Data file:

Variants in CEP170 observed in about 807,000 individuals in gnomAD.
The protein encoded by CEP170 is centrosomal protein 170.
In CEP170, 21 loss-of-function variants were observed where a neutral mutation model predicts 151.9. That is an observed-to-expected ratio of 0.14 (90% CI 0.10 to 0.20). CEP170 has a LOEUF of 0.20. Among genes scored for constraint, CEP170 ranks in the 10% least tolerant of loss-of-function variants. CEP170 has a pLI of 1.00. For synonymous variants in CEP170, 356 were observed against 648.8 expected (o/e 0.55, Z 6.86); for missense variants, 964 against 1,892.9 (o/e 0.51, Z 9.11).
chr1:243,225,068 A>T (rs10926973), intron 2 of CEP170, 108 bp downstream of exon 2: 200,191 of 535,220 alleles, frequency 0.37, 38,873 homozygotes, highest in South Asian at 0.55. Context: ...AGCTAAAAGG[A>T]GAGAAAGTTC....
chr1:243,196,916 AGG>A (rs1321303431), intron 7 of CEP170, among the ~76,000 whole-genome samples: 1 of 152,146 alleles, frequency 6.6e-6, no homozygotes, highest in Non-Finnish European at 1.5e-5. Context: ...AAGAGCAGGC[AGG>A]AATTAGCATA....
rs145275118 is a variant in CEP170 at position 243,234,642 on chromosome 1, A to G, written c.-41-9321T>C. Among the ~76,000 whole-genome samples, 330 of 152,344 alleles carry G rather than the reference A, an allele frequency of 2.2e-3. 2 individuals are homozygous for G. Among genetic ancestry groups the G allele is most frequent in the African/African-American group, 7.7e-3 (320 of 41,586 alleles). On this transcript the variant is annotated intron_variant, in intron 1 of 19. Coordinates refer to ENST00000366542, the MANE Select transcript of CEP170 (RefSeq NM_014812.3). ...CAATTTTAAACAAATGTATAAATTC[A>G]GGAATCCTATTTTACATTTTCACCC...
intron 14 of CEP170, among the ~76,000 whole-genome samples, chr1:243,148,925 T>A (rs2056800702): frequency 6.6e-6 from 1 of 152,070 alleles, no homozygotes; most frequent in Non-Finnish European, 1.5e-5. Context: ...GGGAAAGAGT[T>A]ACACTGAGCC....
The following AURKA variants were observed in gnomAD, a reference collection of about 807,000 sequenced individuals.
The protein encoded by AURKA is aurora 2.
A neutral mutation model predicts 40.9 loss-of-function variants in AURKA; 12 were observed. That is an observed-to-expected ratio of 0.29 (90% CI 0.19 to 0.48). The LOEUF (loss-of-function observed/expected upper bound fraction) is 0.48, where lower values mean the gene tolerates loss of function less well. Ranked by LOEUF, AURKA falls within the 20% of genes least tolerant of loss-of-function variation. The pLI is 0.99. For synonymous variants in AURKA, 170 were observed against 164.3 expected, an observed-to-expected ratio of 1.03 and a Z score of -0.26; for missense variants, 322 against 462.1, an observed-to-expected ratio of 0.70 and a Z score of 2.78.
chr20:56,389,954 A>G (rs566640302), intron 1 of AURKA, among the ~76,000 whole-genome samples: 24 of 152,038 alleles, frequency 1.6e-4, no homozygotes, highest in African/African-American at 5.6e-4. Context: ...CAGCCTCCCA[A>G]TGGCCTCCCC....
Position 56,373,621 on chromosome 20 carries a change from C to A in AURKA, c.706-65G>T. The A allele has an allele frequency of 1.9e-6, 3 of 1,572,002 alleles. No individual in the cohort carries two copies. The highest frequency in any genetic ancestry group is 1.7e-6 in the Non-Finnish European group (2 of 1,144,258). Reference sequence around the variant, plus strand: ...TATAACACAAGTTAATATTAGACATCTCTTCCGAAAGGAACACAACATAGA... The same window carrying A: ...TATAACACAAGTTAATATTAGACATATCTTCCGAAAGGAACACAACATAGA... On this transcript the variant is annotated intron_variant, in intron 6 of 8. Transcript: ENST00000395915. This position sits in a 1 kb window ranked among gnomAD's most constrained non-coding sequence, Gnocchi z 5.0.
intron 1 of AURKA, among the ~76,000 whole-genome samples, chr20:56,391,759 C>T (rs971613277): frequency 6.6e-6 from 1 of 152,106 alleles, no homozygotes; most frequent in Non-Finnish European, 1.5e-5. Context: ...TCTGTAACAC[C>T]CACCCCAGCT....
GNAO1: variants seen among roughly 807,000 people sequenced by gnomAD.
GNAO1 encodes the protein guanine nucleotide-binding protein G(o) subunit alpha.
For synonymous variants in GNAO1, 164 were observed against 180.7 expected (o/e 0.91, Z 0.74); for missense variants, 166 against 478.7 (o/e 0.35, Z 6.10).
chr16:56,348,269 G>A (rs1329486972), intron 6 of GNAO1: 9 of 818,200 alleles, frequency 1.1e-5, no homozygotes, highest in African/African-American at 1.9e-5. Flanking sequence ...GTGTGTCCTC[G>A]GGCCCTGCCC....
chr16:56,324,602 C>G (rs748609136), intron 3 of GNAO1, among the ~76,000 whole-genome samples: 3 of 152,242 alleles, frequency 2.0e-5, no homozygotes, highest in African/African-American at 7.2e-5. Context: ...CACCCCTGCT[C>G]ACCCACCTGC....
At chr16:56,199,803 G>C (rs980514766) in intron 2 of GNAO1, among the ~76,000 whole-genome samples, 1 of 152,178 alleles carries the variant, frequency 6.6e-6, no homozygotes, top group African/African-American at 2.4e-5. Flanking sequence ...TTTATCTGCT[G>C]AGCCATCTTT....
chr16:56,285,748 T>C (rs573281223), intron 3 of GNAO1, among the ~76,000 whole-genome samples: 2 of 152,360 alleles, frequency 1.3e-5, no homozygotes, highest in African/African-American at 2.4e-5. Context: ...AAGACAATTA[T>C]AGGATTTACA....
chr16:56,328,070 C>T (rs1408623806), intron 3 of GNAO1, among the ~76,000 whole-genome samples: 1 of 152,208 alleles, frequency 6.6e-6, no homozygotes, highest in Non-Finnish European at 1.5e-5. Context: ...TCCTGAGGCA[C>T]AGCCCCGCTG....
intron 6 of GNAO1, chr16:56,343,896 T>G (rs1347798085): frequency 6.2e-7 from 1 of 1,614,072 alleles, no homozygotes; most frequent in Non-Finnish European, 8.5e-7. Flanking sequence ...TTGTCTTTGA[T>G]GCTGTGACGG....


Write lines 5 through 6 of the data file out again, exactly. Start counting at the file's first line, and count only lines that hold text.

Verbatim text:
chr1:243,196,916 AGG>A (rs1321303431), intron 7 of CEP170, among the ~76,000 whole-genome samples: 1 of 152,146 alleles, frequency 6.6e-6, no homozygotes, highest in Non-Finnish European at 1.5e-5. Context: ...AAGAGCAGGC[AGG>A]AATTAGCATA....
rs145275118 is a variant in CEP170 at position 243,234,642 on chromosome 1, A to G, written c.-41-9321T>C. Among the ~76,000 whole-genome samples, 330 of 152,344 alleles carry G rather than the reference A, an allele frequency of 2.2e-3. 2 individuals are homozygous for G. Among genetic ancestry groups the G allele is most frequent in the African/African-American group, 7.7e-3 (320 of 41,586 alleles). On this transcript the variant is annotated intron_variant, in intron 1 of 19. Coordinates refer to ENST00000366542, the MANE Select transcript of CEP170 (RefSeq NM_014812.3). ...CAATTTTAAACAAATGTATAAATTC[A>G]GGAATCCTATTTTACATTTTCACCC...